Another important component of the Russian-Indian relationship is cooperation on the peaceful use of nuclear energy. In 1998, Russia signed a contract to build a power station with two nuclear reactors at Koodankulam, in the state of Tamil Nadu. After several delays, construction began earlier this year. Putin, during his visit to New Delhi this week, said Moscow wanted to make additional deals. But here, too, there are obstacles.

Chari said: "Moscow has indicated that it may be able to provide more by way of civilian nuclear reactors apart from what it is already supplying: two VEER 1,000-megawatt reactors. Now, I'm not very certain whether this will be able to be done because Russia is also a member of the Nuclear Suppliers' Group. And India has not signed any kind of an agreement to accept full-scope safeguards, which really means putting its entire nuclear program under safeguard. So how this will be done, I'm not really sure."

The Nuclear Suppliers' Group seeks to control exports of nuclear materials, equipment, and technology. As one of the 30 signatories, Russia is obliged not to sell nuclear technology to any state that does not have safeguards approved by the International Atomic Energy Agency (IAEA) on all of its nuclear facilities, as required by the nuclear Non-Proliferation Treaty (NPT). As a nonsignatory of the NPT, India does not meet that standard. The United States has already objected to the original reactor deal between Moscow and New Delhi, casting doubt on the viability of future agreements.

And India, like Russia, keeps a close eye these days on what the United States has to say. "India believes that you have to face current realities," Chari said. "And the current reality is that the Cold War is no longer on. And the current reality also is that there is only one superpower in the world. So, whether it is Russia or it happens to be China or it happens to be India, they have to take into account the fact that there is only one superpower left in the world. And all three of these countries have to have some kind of good relationships with the United States -- that includes Russia."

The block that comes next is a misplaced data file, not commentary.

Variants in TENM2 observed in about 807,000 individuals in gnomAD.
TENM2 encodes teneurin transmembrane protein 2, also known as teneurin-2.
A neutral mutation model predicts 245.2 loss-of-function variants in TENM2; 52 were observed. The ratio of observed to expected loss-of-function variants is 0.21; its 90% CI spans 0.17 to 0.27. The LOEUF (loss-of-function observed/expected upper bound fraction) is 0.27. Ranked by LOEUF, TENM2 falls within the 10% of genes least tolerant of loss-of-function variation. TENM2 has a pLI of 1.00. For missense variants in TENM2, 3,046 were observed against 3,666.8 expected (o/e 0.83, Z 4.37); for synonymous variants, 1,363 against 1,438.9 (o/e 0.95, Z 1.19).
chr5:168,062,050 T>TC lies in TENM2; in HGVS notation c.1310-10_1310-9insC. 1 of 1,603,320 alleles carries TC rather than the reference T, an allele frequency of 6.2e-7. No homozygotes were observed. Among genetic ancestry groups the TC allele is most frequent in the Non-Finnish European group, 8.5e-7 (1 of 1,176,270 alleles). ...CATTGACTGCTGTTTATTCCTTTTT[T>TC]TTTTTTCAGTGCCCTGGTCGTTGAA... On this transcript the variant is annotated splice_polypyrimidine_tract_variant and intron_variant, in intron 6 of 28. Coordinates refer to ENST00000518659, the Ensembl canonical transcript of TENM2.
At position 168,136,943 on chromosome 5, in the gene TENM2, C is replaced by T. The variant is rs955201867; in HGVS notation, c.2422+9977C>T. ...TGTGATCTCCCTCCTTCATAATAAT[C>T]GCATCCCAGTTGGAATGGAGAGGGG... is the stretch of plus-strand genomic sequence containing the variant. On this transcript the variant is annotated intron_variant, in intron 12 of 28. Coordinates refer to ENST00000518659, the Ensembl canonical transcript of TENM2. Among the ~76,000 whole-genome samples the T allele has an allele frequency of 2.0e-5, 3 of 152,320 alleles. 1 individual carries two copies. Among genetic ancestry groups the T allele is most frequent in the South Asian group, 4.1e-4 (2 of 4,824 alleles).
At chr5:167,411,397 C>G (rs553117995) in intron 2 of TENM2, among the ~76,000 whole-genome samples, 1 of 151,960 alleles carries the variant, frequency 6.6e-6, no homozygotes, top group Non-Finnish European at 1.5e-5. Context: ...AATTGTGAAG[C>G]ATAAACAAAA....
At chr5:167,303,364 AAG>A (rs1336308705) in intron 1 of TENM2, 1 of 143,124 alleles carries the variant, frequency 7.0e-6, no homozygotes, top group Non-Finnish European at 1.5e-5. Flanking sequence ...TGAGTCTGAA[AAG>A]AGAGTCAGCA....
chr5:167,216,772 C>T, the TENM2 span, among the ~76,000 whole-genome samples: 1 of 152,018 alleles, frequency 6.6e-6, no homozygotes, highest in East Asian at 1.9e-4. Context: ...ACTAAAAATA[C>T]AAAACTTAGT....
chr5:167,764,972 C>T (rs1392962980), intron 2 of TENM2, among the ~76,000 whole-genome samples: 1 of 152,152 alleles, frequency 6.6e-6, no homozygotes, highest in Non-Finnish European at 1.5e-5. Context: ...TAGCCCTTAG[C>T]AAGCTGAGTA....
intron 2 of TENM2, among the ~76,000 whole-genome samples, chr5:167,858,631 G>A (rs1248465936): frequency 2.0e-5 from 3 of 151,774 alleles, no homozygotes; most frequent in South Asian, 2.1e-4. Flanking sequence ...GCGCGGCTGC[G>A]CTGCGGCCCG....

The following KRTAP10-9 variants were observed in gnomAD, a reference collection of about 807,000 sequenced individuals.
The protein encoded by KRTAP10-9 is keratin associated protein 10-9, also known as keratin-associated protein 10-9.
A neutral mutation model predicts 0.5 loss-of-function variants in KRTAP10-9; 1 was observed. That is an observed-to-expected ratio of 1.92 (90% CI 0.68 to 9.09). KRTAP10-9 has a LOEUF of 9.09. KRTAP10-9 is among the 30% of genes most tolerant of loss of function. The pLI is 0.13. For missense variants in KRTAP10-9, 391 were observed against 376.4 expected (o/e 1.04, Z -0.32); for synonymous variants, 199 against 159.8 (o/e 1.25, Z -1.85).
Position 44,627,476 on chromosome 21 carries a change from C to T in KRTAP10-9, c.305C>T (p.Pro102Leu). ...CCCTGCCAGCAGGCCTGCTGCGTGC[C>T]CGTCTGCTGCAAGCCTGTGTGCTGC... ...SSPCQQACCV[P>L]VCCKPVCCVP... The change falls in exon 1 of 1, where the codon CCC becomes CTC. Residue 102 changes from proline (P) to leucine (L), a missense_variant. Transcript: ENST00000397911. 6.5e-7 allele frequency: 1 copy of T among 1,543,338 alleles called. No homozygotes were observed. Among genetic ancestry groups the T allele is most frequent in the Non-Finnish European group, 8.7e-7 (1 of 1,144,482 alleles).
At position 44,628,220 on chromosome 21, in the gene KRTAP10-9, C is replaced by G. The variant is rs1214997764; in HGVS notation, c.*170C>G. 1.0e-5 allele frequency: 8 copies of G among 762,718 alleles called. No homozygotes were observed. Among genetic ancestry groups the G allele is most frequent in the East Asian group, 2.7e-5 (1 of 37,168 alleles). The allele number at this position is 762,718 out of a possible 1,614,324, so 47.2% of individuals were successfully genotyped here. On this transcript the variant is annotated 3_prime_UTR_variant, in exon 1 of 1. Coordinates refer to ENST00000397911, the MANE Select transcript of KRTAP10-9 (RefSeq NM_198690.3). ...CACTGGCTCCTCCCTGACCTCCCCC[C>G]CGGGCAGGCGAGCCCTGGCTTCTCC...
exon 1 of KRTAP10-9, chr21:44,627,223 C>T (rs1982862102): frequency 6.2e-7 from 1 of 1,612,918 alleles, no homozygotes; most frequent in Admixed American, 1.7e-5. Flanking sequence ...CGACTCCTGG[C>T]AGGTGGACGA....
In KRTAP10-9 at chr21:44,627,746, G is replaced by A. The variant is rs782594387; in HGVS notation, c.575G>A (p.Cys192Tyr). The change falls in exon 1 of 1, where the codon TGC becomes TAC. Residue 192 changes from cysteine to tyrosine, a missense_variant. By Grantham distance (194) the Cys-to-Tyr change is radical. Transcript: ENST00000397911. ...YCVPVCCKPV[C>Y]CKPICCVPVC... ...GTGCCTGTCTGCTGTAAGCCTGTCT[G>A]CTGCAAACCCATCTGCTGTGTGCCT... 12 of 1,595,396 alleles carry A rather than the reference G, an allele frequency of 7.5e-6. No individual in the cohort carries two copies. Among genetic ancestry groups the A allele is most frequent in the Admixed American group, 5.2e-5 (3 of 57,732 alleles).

As a consequence, Chari said, leaders in New Delhi value their ties with Russia, but few see relations in strategic terms. "There is, to my mind, no question of having a 'strategic' relationship with Russia. I don't really think that anyone in India is thinking along those terms," Chari said.

The terms India's leaders are thinking along are Russian weapons, Russian nuclear reactors, and possible intelligence sharing, when it comes to combating Islamic extremists.

As Prime Minister Vajpayee put it yesterday: "We have agreed to intensify and widen our cooperation against terrorism bilaterally and in multilateral fora. We exchanged views on the terrorist activities which threaten the stability of our region."

An increase in commercial trade would be welcome by both sides, but at current levels of less than $1.5 billion a year, it will take a lot to boost volume into the sphere of strategic importance.